An image showing cinder cone volcanoes in Lanzarote

Source: Google Earth

Cinder cone volcanoes in Lanzarote in the Canary Islands. There are plentiful supplies of volcanic ash all around the world that could be used to fertilise the oceans to produce phytoplankton blooms to sequester carbon dioxide

Dumping volcanic ash into the ocean could boost the rate at which carbon is drawn out of the atmosphere and sequestered in marine sediments, researchers from the UK and Germany have proposed. The process, they say, would be simple to implement, requires no changes to land usage – unlike, say, reforestation programmes – and is significantly cheaper than other geoengineering approaches.

For microscopic marine algae, the deposition of erupted volcanic material, or tephra, can be a nutrient-rich boon. Blooms of phytoplankton, for example, occurred after the 2008 eruption off the Aleutian island of Kasatochi and the explosion of the Pacific Island of Anatahan in 2003.

According to geochemist Jack Longman of the University of Oldenburg, Germany and colleagues, these events increased the rate at which carbon dioxide was taken up by algae to help create their calcium carbonate exoskeletons – many of which ultimately sink to the seafloor and are buried. Tephra, they said, can also become physically associated with plankton debris, increasing sinking rates. It also inhibits the oxidisation of carbon back to carbon dioxide at the seafloor by absorbing dissolved oxygen from water in pores in the sediments, and locking carbon up as carbonates, as well as iron-, aluminium- and manganese-based colloids.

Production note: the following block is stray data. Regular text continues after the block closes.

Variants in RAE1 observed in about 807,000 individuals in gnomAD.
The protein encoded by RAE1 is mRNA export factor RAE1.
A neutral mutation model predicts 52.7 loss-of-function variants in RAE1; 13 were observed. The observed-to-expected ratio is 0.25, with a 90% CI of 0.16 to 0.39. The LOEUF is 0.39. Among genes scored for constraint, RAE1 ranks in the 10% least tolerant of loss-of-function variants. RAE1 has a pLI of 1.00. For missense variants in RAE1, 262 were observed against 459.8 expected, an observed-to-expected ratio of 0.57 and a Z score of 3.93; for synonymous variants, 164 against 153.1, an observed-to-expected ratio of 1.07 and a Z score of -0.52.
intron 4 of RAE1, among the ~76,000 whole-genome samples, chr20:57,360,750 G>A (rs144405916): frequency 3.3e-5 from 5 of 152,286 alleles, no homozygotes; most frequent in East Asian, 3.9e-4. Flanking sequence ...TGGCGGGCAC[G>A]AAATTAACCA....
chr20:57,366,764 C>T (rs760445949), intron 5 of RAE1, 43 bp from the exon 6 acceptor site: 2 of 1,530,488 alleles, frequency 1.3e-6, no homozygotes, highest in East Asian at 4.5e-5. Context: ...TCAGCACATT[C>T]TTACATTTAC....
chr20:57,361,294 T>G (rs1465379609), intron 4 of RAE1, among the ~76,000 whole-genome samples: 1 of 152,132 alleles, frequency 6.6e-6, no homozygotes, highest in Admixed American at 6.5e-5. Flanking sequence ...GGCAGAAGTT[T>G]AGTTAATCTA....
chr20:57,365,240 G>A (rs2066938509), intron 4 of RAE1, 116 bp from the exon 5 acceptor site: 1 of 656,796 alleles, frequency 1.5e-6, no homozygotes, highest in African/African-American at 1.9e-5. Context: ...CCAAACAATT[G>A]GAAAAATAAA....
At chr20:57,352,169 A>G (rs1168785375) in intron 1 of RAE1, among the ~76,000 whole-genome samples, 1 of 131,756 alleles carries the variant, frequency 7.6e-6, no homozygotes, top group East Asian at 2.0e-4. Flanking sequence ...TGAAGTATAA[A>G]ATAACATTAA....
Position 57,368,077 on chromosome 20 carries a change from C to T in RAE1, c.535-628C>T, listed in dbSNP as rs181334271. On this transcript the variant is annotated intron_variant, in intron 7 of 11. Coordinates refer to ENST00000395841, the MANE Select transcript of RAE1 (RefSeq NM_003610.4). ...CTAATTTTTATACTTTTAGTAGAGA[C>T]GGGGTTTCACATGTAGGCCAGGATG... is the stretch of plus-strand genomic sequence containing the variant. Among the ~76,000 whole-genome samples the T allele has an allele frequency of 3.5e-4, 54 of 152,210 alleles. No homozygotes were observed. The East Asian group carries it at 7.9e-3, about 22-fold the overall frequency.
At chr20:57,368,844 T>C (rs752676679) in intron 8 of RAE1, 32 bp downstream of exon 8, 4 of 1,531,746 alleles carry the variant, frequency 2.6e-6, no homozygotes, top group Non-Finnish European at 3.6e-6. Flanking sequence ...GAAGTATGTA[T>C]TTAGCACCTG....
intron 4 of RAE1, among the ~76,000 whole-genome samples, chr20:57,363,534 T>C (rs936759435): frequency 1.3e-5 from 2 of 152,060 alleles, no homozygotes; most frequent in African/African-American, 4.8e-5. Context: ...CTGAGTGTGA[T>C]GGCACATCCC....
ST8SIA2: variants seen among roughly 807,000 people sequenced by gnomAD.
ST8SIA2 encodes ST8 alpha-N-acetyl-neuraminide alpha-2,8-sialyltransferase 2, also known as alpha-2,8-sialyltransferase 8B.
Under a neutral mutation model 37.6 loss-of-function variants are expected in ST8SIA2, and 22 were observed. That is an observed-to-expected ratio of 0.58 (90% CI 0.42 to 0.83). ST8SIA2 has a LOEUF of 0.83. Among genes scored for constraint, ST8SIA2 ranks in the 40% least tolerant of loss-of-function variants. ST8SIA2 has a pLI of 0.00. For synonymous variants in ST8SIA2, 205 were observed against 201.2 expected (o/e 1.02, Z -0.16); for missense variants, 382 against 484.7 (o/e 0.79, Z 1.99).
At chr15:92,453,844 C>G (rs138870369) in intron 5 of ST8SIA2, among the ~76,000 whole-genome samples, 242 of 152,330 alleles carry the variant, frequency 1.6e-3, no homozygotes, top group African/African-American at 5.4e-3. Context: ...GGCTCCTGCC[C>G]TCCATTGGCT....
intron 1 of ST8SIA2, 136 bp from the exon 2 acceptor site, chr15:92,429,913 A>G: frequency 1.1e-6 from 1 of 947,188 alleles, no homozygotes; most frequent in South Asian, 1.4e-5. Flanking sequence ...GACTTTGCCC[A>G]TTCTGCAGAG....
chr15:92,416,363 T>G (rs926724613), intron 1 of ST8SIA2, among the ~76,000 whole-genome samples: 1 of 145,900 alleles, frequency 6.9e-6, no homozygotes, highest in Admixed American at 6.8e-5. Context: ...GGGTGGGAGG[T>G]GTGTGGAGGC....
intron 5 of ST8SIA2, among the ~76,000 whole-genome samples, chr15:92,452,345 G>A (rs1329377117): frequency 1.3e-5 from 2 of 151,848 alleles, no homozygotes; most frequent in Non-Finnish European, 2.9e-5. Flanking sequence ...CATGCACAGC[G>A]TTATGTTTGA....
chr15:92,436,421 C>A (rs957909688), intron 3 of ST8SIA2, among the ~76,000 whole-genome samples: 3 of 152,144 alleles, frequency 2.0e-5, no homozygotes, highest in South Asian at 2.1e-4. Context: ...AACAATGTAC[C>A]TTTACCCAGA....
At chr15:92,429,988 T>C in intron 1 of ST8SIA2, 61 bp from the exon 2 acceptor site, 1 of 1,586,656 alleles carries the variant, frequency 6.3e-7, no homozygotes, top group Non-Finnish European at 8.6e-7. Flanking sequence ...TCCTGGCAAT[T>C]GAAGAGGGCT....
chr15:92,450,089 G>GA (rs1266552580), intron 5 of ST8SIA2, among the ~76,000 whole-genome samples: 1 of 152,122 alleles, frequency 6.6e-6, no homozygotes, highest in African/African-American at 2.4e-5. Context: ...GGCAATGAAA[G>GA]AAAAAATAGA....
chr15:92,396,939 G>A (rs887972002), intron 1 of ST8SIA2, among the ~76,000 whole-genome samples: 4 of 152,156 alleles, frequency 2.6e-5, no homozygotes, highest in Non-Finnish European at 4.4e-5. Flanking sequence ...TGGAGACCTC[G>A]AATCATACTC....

An image showing

Source: © Tom Gernon/University of Southampton

Tephra is a cheap and abundant resource around the world

Using the coast of Peru as a case study, the team calculate that depositing 50,000 tonnes of tephra – a bulk carrier vessel’s worth – offshore could sequester 2750 tonnes of atmospheric carbon dioxide. This, they said, equates to a cost of around £43 per tonne of carbon dioxide sequestered – ‘an order of magnitude cheaper than many proposed greenhouse gas removal technologies’. The process could work anywhere where plankton grow in abundance but have low natural burial rates, as tephra deposits are available almost globally.

‘Tephra is cheap, not limiting, and all the required tech already exists. Bentonites – altered tephra – are already regularly mined, so we don’t need to develop new approaches,’ Longman says, adding that tephra would only require sieving in preparation for use. This, he added, ‘is unlike other ocean fertilisation approaches, which use processed iron oxide liquids.’

Two issues remain: the concern that tephra could harm marine ecosystems – an area which Longman concedes needs investigation – and the fact that marine dumping in general is banned under the 1972 London Convention on marine pollution.

‘I like the idea of mimicking natural processes to supplement or enhance their carbon drawdown capacity, and volcanic ash addition certainly sounds close to what is occurring in the real ocean,’ says Jonathan Lauderdale, an ocean biogeochemist from the Massachusetts Institute of Technology, US, who was not involved in the present study. While tephra dumping could be a ‘useful tool’ alongside other geoengineering tools, he adds, ocean-based greenhouse gas removal proposals still come with many unknowns.

‘It is really difficult to predict the response of the complex biological pump, as well as downstream ecological consequences that influence the long-term fate of organic carbon in the ocean, which has vexed some trials of ocean iron fertilisation in the past,’ Lauderdale cautions.